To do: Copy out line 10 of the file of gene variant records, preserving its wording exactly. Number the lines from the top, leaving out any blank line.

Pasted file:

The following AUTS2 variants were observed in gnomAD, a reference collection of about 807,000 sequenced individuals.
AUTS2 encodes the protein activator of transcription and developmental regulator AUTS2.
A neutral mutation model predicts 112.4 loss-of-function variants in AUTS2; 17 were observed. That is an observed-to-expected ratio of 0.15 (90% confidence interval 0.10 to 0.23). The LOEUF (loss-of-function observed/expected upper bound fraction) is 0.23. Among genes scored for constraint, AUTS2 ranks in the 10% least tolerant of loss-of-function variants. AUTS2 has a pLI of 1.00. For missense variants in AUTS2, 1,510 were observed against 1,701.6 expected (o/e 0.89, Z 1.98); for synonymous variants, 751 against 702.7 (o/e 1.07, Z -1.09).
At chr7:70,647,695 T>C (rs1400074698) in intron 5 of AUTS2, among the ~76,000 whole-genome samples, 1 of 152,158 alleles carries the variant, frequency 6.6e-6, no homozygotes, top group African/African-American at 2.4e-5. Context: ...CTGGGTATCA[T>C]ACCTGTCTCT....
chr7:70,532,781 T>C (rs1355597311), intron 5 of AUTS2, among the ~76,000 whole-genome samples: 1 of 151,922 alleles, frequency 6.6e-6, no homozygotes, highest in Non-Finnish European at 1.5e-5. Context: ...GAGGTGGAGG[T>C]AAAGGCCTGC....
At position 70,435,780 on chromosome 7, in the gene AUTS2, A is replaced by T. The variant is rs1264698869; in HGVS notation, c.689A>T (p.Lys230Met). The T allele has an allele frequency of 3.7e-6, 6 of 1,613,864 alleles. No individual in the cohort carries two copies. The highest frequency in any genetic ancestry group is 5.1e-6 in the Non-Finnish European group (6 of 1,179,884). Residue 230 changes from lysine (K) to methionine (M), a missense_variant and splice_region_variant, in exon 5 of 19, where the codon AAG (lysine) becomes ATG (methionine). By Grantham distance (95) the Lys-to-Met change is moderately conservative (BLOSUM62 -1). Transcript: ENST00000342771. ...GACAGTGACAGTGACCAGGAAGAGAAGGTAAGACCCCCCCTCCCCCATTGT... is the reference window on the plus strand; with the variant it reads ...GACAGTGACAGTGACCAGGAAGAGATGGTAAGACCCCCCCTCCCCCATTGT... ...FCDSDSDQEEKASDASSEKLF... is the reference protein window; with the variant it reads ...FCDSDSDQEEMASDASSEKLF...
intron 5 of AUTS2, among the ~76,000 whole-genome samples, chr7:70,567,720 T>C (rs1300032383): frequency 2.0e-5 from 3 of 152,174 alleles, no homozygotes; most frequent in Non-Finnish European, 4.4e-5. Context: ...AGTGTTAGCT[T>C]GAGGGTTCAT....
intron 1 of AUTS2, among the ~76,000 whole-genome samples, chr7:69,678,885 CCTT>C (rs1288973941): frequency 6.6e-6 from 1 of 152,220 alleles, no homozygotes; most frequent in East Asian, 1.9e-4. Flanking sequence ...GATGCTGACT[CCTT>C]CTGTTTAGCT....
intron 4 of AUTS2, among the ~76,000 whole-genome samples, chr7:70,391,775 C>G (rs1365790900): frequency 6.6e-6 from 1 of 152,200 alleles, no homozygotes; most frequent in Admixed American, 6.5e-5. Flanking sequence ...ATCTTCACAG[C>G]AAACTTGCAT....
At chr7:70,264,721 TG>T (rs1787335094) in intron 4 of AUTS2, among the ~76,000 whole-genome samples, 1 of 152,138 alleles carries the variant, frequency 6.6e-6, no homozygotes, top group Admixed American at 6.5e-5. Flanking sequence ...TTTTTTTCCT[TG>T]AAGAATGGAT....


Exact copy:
At chr7:70,264,721 TG>T (rs1787335094) in intron 4 of AUTS2, among the ~76,000 whole-genome samples, 1 of 152,138 alleles carries the variant, frequency 6.6e-6, no homozygotes, top group Admixed American at 6.5e-5. Flanking sequence ...TTTTTTTCCT[TG>T]AAGAATGGAT....